The first thing to do is enable keybased logins. You’ll be prompted for the password each time. Password: hypriot

for i in {1..8}; do ssh-copy-id pirate@node0$i; done

Run updates

for i in {1..8}; do ssh pirate@node0$i -t 'sudo apt-get update -qq && sudo apt-get upgrade -qqy --force-yes'

Build the cluster

Here is where the fun starts. On each node, you’re going to want to install Kubernetes as described here.

Fire Up BOINC & Seti@Home

For this I used the kubernetes dashboard, tho the command line would work just as well.

Click create to launch the creation wizard. You’ll see something like this where you can provide a name, image, and number of pods. My settings are captured in the image:

k8s new deployment

Next, we need to open the advanced settings. This is where we specify the environment variables, again captured in the following image:

Environment variables

For reference these are:





Finally, save & deploy it, this’ll take a minute or two.

All done:

all done


In this post, you flashed a bunch of Raspberry Pi’s with Hypriot and built a Kubernetes cluster with them. From there you logged into the dashboard and deployed seti@home.


My First Django App

Having had some time over the winter break, I took some time to watch the excellent Django Webcast on O’Reilly’s Safari. What follows here are the commands used in said video cast used to get started with an app:

Setting up a virtual environment

My first instinct to keep the development environment separate from my working world was to fire up a VM and go with it. Turns out, in Python you can still work locally without much fear of breaking your box. You do this with virtualenv’s, and manage those with virtualenvwrapper.

Note: One can use virtual environments without virtualenvwrapper. virtualenvwrapper made things a bit easier for me.

Install virtualenvwrapper on OSX

For this, I assume you have a working homebrew:

brew update
brew install pyenv-virtualenvwrapper

Install virtualenvwrapper on Ubuntu 16.04

Thankfully, it’s a happy little apt-package for us here:

sudo apt-get update
sudo apt-get install virtualenvwrapper

Configuring virtualenvwrapper

Now that you have it installed on your system, the following .bash_profile settings set up some specific behaviors in virtualenvwrapper. These work on both OSX and Ubuntu:

echo "export WORKON_HOME=$HOME/.virtualenvs" >> ~/.bashrc
echo "export PROJECT_HOME=$HOME/projects" >> ~/.bashrc

source ~/.bashrc

The first line tells virtualenvwrapper where you would like it to store all of the files (python, pip, and all their parts) for said virtualenv. The second line tells virtualenvwrapper where your code lives. Finally, we pull said values into out working bash shell.

Create and enter your virtual env

Now that’s all sorted, let’s make a virtual environment to work on:

mkvirtualenv -p /usr/bin/python3 newProject

Breaking this down, the -p /usr/bin/python3 tells virtualenv to install python3 into our virtualenv. The name newProject is well, the new project name. This command will produce output like the following:

$ mkvirtualenv -p /usr/bin/python3 newProject
Already using interpreter /usr/bin/python3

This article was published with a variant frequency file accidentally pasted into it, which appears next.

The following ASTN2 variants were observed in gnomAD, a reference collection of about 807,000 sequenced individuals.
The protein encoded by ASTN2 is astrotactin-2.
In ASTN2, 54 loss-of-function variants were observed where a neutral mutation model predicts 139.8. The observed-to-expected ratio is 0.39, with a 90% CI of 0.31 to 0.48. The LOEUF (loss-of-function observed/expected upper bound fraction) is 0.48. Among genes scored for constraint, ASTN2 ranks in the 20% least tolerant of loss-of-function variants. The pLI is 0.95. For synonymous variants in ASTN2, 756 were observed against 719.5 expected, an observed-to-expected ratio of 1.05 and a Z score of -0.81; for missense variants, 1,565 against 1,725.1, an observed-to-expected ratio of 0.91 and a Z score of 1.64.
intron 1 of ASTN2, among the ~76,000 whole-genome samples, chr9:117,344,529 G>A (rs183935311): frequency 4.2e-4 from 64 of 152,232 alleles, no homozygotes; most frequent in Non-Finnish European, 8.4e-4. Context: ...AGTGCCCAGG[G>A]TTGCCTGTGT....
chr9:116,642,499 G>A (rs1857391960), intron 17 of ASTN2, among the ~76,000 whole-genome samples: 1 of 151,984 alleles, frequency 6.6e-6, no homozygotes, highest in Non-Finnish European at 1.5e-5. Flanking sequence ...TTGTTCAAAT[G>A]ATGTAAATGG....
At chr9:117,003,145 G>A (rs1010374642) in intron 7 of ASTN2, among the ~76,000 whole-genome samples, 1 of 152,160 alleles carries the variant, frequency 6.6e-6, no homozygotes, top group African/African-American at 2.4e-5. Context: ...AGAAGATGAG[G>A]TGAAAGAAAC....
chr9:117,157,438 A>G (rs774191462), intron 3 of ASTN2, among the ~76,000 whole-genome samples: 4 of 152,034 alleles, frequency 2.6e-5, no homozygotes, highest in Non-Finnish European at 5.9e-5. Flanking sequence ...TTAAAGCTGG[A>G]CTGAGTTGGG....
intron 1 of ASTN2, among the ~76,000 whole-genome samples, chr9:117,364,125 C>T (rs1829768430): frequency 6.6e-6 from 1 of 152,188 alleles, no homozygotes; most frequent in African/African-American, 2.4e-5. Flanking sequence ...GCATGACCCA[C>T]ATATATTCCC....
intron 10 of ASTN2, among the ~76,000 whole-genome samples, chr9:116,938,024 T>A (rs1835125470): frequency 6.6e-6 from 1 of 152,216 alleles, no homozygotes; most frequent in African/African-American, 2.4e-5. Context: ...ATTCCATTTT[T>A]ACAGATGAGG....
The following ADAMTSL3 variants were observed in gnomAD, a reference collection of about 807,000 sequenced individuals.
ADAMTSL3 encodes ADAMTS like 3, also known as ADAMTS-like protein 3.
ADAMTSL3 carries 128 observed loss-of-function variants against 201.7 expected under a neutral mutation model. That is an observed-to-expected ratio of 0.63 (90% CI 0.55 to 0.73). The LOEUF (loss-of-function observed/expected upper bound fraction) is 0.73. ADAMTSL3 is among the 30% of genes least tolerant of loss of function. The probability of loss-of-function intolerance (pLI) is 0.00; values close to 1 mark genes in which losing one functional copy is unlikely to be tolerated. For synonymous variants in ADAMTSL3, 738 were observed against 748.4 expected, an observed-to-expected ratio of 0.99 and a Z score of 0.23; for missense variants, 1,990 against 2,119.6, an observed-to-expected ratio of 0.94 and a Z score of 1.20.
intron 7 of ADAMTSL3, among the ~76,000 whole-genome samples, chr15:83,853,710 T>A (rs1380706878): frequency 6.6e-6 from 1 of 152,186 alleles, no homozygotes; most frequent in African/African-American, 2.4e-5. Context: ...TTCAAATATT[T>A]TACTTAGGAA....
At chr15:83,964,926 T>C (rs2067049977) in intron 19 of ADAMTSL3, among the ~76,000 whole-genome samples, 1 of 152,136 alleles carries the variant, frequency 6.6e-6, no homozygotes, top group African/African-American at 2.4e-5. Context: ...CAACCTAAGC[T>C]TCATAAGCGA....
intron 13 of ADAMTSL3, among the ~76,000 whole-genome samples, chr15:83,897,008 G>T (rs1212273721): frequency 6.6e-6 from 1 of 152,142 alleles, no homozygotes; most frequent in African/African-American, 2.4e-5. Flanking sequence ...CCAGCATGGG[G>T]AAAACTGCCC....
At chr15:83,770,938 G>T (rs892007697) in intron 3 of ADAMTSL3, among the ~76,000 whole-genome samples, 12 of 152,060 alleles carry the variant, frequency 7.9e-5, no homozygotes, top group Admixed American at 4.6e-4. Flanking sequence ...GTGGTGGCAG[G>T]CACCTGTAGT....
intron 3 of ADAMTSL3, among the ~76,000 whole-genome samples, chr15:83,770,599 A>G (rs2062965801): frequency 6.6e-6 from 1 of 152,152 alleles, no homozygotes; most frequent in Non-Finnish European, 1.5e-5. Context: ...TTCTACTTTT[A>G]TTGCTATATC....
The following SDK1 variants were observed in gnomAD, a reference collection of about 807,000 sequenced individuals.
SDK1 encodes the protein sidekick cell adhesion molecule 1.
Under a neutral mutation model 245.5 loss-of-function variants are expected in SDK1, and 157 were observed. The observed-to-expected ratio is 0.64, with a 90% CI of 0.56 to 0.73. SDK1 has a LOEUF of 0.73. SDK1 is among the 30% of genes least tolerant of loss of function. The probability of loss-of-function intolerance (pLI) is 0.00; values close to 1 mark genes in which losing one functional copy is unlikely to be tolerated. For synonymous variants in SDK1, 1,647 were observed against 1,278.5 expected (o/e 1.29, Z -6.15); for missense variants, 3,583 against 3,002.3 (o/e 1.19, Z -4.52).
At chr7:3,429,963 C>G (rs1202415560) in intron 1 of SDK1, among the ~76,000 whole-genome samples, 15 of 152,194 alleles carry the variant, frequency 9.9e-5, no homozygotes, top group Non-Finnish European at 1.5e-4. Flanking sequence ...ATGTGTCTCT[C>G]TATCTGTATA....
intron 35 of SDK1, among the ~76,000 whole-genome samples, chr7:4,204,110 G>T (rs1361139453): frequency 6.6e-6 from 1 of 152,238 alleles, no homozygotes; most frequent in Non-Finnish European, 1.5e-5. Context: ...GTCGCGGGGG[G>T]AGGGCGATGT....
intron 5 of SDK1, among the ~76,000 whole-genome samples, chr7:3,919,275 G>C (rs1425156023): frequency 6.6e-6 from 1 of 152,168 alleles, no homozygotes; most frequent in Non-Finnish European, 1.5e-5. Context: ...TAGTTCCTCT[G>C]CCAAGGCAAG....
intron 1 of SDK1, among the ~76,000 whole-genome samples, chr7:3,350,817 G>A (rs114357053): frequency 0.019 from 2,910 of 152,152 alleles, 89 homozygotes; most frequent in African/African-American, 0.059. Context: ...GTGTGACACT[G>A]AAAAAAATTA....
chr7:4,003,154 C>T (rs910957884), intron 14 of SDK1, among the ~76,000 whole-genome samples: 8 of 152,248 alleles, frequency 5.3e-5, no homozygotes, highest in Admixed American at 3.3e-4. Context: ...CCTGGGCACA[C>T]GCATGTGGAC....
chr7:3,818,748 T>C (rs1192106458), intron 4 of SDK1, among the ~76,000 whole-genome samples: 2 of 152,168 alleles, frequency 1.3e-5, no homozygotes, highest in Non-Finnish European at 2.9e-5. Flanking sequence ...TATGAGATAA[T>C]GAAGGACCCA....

Using base prefix '/usr'
New python executable in newProject/bin/python3
Also creating executable in newProject/bin/python
Installing setuptools, pip...done.

To enter your virtual environment and start working on things:

$ cd ~/projects/
$ mkdir newProject
$ cd newProject/
$ workon newProject

Installing and Getting Started with Django

Ok, so that was a lot of setup to get to this point, but, here we are, it’s time to install Django, create the structure of our application, and finally start Django’s built in webserver to make sure it is all working.

To install Django inside your virtual environment:

$ pip install django
Downloading/unpacking django
  Downloading Django-1.10.5-py2.py3-none-any.whl (6.8MB): 6.8MB downloaded
Installing collected packages: django
Successfully installed django
Cleaning up...

Now let’s install the skeleton of our app:

django-admin startproject newProject

This will create a directory structure like this:

$ tree
└── newProject
    └── newProject

2 directories, 5 files

Next up, we will want to fire up django’s built in server and validate our install:

$ cd newProject
$ python migrate

Operations to perform:
  Apply all migrations: admin, auth, contenttypes, sessions
Running migrations:
  Applying contenttypes.0001_initial... OK
  Applying auth.0001_initial... OK
  Applying admin.0001_initial... OK
  Applying admin.0002_logentry_remove_auto_add... OK
  Applying contenttypes.0002_remove_content_type_name... OK
  Applying auth.0002_alter_permission_name_max_length... OK
  Applying auth.0003_alter_user_email_max_length... OK
  Applying auth.0004_alter_user_username_opts... OK
  Applying auth.0005_alter_user_last_login_null... OK
  Applying auth.0006_require_contenttypes_0002... OK
  Applying auth.0007_alter_validators_add_error_messages... OK
  Applying auth.0008_alter_user_username_max_length... OK
  Applying sessions.0001_initial... OK

$ python runserver
Performing system checks...

System check identified no issues (0 silenced).
January 07, 2017 - 23:52:17
Django version 1.10.5, using settings 'newProject.settings'
Starting development server at
Quit the server with CONTROL-C.

Taking a look at what we did there:

  • migrate - preforms the initial migration & population of a sqlite database so our shell application will work.
  • runserver - started Django’s built in webserver